First Author: E.Compains Silva SPAIN
Co Author(s): D. Aliseda C. Abascal P. Plaza
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Rhegmatogenous retinal detachment (RRD) is a fairly common sight-threatening disease. Despite successful anatomical repair, reported in 90% of the patients, visual acuity usually does not return to baseline when the RRD involves the macula preoperatively. Only 30-40% of the cases have final best corrected visual acuity better than 4/10. Persistent subretinal fluid and changes in external retinal layers have been reported as two of the factors of poor visual recovery after RRD surgery. However, other reported studies contradic this finding by reporting that the presence of subretinal fluid after successful surgery for RRD did not influence final visual acuity (VA).
To evaluate serially long-term macular morphologic changes in 5 patients with persistent subretinal fluid after succesful macula-involving RRD surgery and correlate this with final visual acuity.
Repeat SD-OCT imagin and VA in 5 eyes with a 2 year follow up period after succesful macula-involving RRD surgery with presence of persistent subretinal fluid in the follow-up.
The mean follow up after RRD repair was 1.5 months for the first OCT and 20 months for the follow-up period. 3 eyes with a final best-corrected visual acuity (BCVA) >20/40 had a progressive resolution of the subretinal fluid on serial SD-OCT, wich correlated with improvement in VA. 2 of these eyes had an intact external limiting membrane (ELM) initially and the third one had a initially disrupted ELM with a progressive recovery during the follow up period. 2 eyes with poor or worsening BCVA on follow up had a initially disrupted ELM and a persistent or progressive ellipsoid zone (EZ) disruption in serial OCT. In these two eyes there has been a progressive resolution of the subretinal fluid.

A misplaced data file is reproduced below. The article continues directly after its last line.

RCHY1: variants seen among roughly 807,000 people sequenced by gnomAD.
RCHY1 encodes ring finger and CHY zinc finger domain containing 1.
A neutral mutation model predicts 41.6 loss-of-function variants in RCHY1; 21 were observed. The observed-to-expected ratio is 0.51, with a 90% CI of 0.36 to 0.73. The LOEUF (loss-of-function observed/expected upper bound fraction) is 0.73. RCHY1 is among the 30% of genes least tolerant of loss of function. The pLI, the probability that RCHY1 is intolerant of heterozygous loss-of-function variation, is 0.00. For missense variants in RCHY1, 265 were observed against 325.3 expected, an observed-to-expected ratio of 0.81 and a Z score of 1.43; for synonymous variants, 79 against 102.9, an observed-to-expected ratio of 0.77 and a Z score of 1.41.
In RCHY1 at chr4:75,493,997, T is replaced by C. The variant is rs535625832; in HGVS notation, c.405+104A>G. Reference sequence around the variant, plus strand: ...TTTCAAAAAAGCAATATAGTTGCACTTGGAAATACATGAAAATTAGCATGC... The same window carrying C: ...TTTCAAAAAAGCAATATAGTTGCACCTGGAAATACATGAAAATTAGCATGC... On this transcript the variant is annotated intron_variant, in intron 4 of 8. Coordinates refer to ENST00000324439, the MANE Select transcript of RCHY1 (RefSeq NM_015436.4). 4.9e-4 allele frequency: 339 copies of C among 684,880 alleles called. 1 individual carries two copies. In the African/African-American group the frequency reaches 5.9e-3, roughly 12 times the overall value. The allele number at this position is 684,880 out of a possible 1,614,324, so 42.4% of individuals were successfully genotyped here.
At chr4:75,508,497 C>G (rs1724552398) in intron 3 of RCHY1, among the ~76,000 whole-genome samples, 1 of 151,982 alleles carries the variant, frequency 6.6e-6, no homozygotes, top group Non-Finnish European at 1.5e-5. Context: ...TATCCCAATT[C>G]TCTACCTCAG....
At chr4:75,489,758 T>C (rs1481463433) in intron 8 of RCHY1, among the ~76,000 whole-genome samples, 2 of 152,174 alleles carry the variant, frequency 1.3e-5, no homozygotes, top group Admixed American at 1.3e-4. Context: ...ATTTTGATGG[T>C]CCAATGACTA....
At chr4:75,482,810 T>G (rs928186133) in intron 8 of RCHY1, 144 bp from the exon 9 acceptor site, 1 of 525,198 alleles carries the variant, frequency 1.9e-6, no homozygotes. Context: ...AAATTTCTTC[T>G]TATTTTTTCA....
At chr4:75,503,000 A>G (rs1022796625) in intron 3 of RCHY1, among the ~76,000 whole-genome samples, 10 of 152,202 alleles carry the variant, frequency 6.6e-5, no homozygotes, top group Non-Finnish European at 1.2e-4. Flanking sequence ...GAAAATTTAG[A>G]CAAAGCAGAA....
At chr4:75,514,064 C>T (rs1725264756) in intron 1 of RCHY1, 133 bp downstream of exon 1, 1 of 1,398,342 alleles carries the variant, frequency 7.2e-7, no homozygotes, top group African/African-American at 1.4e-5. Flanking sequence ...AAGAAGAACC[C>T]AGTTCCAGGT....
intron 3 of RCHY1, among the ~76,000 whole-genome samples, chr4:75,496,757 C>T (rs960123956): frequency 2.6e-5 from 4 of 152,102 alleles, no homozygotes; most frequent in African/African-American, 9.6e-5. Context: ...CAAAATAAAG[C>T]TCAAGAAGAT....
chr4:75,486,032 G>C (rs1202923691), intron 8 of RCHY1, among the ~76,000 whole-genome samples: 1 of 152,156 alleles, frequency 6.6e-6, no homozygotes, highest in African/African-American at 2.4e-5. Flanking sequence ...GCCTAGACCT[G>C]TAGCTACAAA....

Macular function may progressively improve or worsen long-term after successful RRD repair. Progressive resolution of subretinal fluid and/or EZ disruption on SD-OCT correlated with imporvement in macular function, whereas worsening or persistent EZ disruption correlates with worsening or persistently poor visual outcome. The natural course of the subretinal fluid after RRD surgery is to a progressive resolution of the fluid without any additional intervention, and it is correlated with visual improvement when it occurs.